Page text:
Although certainly not my favorite book and though it has a number of faults, I do plan on picking up the second book when it pubs. I wish this volume would have been a one-off, with more depth and development that I'm anticipating in the next one, but because of what seems to be the intended audience (young readers), maybe this is a better route.




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Thursday, April 22, 2010

Favorite books vs. favorite authors

I was asked a question last week that made me really think -- and now I pose it to you, wonderful readers.

Do you have a favorite author or authors? Who are they?

For me, I have fewer favorite authors than I have favorite books. Favorite authors of mine include Aimee Bender, Douglas Coupland (with the exception of his last few books), Laurie Halse Anderson (for her writing and more for her advocacy of reading and of libraries), Donna Freitas (who I blogged about Monday), and Melissa Walker. I can only name a few, and in answering the question, I drew a bit of a blank.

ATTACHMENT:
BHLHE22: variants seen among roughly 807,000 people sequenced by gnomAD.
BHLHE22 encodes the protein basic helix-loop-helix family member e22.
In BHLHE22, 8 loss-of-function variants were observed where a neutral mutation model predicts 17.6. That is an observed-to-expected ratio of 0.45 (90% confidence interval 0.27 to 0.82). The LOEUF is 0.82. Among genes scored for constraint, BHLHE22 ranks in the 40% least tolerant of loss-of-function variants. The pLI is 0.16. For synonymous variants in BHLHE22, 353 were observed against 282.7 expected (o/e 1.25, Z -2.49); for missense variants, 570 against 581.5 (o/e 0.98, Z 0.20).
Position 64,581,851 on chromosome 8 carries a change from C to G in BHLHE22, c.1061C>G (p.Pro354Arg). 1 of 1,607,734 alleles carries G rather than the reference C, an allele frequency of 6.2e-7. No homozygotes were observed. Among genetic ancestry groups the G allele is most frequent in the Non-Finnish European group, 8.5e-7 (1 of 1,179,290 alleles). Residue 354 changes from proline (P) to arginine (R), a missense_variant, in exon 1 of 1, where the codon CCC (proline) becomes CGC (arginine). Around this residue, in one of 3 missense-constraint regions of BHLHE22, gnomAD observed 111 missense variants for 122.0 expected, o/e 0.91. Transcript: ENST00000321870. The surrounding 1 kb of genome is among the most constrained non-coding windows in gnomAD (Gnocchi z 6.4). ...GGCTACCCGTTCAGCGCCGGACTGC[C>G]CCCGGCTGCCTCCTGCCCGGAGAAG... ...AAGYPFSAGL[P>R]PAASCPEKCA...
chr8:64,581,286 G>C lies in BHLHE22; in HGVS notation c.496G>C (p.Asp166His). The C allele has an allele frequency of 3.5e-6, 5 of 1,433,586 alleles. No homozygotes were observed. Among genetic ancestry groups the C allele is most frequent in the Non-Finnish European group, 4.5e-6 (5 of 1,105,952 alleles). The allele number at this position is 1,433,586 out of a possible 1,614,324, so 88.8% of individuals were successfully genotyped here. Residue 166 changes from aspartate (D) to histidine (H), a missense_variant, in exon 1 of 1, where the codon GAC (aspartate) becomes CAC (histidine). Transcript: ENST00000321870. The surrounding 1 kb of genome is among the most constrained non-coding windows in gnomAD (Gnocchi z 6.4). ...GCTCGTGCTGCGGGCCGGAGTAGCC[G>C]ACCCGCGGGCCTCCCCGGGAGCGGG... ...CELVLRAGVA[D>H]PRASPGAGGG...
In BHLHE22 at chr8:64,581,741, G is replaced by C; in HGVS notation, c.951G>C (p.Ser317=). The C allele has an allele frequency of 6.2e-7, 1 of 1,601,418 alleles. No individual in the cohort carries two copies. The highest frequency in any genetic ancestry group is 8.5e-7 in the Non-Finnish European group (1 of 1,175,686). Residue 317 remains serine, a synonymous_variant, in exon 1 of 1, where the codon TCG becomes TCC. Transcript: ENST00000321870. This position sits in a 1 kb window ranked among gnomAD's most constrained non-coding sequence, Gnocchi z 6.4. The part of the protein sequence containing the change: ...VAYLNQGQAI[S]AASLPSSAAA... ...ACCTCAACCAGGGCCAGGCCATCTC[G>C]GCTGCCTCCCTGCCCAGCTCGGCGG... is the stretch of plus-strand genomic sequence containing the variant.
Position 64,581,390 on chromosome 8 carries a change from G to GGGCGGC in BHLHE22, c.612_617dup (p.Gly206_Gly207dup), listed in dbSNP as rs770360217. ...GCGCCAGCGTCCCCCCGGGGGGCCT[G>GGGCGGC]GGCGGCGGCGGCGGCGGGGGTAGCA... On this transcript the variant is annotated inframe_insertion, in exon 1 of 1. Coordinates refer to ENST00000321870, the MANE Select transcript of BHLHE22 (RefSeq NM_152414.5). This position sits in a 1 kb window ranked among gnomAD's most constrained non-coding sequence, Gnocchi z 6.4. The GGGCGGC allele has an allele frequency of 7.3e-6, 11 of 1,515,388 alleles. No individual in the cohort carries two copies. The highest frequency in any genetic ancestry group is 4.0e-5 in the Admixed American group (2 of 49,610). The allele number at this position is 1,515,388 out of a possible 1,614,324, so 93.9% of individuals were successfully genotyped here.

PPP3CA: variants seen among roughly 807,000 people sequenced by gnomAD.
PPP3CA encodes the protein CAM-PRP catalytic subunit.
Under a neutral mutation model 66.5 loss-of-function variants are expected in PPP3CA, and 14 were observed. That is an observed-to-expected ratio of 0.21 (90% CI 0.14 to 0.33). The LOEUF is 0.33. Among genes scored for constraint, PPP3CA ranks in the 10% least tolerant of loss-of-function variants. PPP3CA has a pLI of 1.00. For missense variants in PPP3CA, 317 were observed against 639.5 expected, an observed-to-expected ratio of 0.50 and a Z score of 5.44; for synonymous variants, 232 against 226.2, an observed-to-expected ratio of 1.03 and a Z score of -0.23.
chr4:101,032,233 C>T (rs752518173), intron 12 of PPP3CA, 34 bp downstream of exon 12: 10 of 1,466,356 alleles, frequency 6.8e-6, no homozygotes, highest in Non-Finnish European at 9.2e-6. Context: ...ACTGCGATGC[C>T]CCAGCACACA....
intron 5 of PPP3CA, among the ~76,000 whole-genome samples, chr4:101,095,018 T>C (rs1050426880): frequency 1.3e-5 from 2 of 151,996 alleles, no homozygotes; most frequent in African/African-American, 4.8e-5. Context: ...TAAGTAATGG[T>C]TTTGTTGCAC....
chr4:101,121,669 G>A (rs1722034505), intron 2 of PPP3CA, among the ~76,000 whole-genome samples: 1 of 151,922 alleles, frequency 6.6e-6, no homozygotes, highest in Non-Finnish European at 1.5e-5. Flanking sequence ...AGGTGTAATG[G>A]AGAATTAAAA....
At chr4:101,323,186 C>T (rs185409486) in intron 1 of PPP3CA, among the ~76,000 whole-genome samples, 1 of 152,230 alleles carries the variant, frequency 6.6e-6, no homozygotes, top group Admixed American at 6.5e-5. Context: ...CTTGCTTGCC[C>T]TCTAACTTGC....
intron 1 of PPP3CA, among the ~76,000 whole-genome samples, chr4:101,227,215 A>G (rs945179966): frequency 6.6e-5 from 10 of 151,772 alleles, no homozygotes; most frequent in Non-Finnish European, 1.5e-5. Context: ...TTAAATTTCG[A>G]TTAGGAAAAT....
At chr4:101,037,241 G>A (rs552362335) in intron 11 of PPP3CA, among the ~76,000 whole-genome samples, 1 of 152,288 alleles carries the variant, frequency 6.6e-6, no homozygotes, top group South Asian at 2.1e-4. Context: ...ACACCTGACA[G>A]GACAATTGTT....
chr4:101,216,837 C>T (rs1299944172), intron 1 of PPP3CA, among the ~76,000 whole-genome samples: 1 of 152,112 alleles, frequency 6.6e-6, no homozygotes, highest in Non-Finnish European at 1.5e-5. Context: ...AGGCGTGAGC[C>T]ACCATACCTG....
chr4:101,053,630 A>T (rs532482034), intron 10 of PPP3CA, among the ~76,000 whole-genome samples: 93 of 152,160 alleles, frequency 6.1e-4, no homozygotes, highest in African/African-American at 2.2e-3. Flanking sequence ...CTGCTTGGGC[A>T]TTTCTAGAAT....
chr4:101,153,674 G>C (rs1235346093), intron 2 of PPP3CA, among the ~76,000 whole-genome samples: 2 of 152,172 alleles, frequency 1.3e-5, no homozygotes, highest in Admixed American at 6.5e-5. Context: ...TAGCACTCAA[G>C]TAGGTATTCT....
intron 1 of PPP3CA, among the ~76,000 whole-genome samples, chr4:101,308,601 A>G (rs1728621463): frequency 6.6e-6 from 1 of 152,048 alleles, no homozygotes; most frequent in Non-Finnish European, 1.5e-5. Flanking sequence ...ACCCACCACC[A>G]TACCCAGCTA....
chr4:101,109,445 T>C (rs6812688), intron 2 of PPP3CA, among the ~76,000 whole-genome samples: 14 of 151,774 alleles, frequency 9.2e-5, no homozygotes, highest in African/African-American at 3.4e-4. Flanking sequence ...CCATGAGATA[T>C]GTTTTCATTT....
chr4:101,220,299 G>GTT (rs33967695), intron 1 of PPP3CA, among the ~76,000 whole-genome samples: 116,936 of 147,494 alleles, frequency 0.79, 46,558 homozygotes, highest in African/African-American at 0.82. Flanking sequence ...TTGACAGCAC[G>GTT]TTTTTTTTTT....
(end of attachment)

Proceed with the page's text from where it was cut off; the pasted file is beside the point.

It's like being asked to talk about yourself -- here's your warning that psychology speak is coming. Our brains are built with connections between ideas, and when we are so intimately familiar with ourselves, being asked to ferret out a few facts to describe ourselves is hard because all of our ideas of ourselves are tightly bound.

This extends to readers, too. Big readers have a hard time pulling out just a few favorite authors quickly because we are so connected to so many.

Ahem, moving back to the point at hand.